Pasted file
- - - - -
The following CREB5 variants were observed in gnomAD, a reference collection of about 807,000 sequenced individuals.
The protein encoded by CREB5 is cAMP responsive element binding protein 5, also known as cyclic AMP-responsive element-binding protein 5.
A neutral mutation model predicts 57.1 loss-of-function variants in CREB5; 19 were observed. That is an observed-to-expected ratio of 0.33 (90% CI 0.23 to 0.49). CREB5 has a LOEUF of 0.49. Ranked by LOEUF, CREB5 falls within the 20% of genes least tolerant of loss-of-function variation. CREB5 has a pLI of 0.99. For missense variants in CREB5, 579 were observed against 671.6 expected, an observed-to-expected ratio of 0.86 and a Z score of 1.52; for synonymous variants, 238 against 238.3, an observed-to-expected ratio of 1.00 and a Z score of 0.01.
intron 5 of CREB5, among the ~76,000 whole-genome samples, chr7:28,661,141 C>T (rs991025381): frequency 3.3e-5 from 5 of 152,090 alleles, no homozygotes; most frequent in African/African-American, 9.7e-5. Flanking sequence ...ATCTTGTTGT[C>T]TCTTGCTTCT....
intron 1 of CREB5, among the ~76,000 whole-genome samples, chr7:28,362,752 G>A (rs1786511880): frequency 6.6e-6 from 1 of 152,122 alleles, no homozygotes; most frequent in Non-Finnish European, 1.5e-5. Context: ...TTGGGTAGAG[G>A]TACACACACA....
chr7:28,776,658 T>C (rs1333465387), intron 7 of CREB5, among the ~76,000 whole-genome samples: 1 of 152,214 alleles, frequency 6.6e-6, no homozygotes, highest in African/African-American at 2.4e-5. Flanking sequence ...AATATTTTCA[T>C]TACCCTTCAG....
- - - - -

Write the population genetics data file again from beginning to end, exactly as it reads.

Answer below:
The following CREB5 variants were observed in gnomAD, a reference collection of about 807,000 sequenced individuals.
The protein encoded by CREB5 is cAMP responsive element binding protein 5, also known as cyclic AMP-responsive element-binding protein 5.
A neutral mutation model predicts 57.1 loss-of-function variants in CREB5; 19 were observed. That is an observed-to-expected ratio of 0.33 (90% CI 0.23 to 0.49). CREB5 has a LOEUF of 0.49. Ranked by LOEUF, CREB5 falls within the 20% of genes least tolerant of loss-of-function variation. CREB5 has a pLI of 0.99. For missense variants in CREB5, 579 were observed against 671.6 expected, an observed-to-expected ratio of 0.86 and a Z score of 1.52; for synonymous variants, 238 against 238.3, an observed-to-expected ratio of 1.00 and a Z score of 0.01.
intron 5 of CREB5, among the ~76,000 whole-genome samples, chr7:28,661,141 C>T (rs991025381): frequency 3.3e-5 from 5 of 152,090 alleles, no homozygotes; most frequent in African/African-American, 9.7e-5. Flanking sequence ...ATCTTGTTGT[C>T]TCTTGCTTCT....
intron 1 of CREB5, among the ~76,000 whole-genome samples, chr7:28,362,752 G>A (rs1786511880): frequency 6.6e-6 from 1 of 152,122 alleles, no homozygotes; most frequent in Non-Finnish European, 1.5e-5. Context: ...TTGGGTAGAG[G>A]TACACACACA....
chr7:28,776,658 T>C (rs1333465387), intron 7 of CREB5, among the ~76,000 whole-genome samples: 1 of 152,214 alleles, frequency 6.6e-6, no homozygotes, highest in African/African-American at 2.4e-5. Flanking sequence ...AATATTTTCA[T>C]TACCCTTCAG....